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20-10-2015, 04:37 PM
The Burden of Proof
(20-10-2015 04:34 PM)Tomasia Wrote:  
(20-10-2015 04:25 PM)Chas Wrote:  Yes, I am. The standards are, in fact, different.

Would you say the standards are the same or different in the field of "biology" vs "physics"? Or does evidence mean something different for a physicist as opposed to a biologist?

Does evidence have the same meaning for a theoretical physicist and a geologist?

Could you possibly divide academic fields that have the same standards and use the same meaning of evidence, from those that don't? Would it be like a hard science vs. soft science divide?

More red herrings in your attempt to redefine what you consider to be evidence. You can't simply redefine words in order to try and support your myths.

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20-10-2015, 04:39 PM
RE: The Burden of Proof
(20-10-2015 04:34 PM)Tomasia Wrote:  
(20-10-2015 04:25 PM)Chas Wrote:  Yes, I am. The standards are, in fact, different.

Would you say the standards are the same or different in the field of "biology" vs "physics"? Or does evidence mean something different for a physicist as opposed to a biologist?

Does evidence have the same meaning for a theoretical physicist and a geologist?

Could you possibly divide academic fields that have the same standards and use the same meaning of evidence, from those that don't? Would it be like a hard science vs. soft science divide?

What is a soft science? Psychology? Sociology? Economics?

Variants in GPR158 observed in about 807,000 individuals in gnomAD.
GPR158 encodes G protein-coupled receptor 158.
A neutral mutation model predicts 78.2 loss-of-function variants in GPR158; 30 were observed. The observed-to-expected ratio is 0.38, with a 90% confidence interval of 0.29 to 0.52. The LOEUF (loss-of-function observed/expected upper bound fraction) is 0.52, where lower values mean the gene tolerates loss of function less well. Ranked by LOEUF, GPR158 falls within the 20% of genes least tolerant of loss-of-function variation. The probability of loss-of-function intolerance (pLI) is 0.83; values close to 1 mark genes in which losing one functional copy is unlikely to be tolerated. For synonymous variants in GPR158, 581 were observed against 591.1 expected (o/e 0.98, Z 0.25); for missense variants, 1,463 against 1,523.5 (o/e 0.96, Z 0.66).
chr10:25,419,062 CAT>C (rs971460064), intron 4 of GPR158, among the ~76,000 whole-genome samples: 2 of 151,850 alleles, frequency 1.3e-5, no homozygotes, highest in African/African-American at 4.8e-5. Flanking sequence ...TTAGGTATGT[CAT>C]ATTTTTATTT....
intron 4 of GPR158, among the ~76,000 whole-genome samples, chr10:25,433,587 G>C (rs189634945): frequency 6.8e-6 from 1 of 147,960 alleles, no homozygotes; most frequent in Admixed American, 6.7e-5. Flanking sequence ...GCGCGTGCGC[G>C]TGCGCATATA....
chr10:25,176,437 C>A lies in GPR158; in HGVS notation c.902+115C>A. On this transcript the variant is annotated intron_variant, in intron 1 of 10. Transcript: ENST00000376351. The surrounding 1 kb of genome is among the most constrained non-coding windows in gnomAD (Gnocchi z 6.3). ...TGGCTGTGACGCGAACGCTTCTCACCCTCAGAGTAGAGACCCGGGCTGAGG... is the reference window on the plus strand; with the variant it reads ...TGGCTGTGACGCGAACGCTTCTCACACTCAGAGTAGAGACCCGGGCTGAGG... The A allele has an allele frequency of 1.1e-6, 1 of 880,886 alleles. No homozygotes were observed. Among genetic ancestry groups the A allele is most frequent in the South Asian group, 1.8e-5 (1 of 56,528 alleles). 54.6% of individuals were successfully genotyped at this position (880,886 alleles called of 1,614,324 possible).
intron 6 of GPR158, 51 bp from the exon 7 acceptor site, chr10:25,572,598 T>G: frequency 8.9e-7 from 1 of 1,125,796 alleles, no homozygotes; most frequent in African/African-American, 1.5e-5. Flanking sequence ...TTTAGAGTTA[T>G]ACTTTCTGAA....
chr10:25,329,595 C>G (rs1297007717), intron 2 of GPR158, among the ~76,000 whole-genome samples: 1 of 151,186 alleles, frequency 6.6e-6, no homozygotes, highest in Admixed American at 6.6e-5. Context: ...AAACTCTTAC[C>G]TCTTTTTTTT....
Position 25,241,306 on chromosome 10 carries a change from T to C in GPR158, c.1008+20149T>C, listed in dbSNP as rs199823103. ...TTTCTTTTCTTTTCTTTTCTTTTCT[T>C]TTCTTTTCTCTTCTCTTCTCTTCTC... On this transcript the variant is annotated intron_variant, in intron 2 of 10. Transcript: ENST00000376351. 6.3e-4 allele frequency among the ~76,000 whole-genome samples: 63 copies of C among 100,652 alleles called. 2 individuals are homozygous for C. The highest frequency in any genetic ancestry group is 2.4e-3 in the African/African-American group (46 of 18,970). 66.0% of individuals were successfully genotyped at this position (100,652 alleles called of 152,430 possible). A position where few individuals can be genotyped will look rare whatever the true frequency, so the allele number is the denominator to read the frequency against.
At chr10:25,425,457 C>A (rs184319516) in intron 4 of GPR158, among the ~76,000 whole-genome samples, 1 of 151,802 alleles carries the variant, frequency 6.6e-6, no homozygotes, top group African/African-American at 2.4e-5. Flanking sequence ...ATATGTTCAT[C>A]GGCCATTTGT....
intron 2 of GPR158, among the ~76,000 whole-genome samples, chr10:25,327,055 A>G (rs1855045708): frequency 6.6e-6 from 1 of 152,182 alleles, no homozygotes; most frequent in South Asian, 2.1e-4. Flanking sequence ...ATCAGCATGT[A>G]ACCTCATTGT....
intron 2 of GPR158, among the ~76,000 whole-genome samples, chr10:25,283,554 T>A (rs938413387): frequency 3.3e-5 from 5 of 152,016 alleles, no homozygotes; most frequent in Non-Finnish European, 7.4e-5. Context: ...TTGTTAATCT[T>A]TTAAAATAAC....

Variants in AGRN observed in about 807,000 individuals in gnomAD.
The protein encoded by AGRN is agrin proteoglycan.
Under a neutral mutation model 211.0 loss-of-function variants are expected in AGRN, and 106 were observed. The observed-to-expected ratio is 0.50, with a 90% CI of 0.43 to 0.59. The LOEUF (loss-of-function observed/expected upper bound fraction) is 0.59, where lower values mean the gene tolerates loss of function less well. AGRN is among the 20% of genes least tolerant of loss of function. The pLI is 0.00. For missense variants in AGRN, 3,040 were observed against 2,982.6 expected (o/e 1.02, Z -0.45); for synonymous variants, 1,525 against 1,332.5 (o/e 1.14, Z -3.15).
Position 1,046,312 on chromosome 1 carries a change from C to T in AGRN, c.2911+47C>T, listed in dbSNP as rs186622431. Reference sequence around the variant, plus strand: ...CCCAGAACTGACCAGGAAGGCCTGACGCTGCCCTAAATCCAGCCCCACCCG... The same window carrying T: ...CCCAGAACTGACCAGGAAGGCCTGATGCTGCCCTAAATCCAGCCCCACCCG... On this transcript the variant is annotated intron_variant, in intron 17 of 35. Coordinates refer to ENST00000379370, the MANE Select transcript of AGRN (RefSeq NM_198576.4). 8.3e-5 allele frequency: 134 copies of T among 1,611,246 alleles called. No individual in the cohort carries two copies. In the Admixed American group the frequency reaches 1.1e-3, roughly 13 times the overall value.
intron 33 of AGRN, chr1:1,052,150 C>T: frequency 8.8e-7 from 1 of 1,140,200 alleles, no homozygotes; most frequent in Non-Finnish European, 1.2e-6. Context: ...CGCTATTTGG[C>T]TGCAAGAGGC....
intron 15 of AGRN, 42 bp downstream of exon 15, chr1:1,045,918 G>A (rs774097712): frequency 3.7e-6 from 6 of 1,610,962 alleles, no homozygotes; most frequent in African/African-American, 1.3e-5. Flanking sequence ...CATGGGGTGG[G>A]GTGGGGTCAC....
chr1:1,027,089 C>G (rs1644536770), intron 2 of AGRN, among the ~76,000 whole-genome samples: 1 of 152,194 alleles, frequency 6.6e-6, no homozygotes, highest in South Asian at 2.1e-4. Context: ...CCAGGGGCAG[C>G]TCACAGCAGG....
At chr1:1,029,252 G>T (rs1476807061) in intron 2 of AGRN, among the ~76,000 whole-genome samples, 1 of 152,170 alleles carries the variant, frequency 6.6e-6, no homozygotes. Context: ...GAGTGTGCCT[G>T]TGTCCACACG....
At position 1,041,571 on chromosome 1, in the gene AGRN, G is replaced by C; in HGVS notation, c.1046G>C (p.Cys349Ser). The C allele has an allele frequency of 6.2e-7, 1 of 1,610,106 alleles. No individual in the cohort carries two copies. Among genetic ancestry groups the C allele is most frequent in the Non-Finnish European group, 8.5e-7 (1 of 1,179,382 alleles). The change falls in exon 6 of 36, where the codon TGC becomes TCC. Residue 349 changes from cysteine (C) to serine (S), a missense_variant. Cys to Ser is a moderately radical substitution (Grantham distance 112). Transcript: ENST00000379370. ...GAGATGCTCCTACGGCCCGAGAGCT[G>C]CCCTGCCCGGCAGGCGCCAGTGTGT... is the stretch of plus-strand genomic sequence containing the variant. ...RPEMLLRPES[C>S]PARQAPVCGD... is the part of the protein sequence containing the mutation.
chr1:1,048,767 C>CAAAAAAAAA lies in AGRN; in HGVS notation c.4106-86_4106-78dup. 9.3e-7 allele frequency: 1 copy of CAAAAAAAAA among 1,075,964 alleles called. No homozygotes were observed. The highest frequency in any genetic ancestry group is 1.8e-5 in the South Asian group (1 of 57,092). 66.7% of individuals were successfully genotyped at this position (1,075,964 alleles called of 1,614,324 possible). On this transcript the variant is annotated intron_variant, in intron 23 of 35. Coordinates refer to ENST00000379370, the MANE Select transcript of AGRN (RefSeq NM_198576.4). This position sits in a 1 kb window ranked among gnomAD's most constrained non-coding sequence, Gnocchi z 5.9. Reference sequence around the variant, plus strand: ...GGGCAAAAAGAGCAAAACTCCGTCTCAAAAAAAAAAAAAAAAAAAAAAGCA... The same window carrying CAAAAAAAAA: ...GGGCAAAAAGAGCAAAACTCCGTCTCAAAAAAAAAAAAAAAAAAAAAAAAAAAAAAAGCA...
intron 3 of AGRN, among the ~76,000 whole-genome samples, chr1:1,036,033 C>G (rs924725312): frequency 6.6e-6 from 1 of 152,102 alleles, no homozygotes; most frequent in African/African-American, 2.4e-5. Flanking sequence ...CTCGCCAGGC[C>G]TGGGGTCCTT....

Red herring. You need to stop doing that.

Evidence is determined by the same standards in the sciences: testable predictions, controlled experiments, relying on quantifiable data and mathematical models, a high degree of accuracy and objectivity.

That is not the same as legal evidence.

Skepticism is not a position; it is an approach to claims.
Science is not a subject, but a method.
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20-10-2015, 04:39 PM
The Burden of Proof
Tomasia, are you ready to accept that there is no such thing as evidence of nonexistence or evidence a character is fictional? Ready to admit that an absence of evidence is all that could be expected for something that doesn't exist? Ready to admit you're wrong?

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20-10-2015, 04:41 PM
The Burden of Proof
Ready to admit that someone writing about someone, doesn't make them real or mean that the character is based on a real person?

Being nice is something stupid people do to hedge their bets
-Rick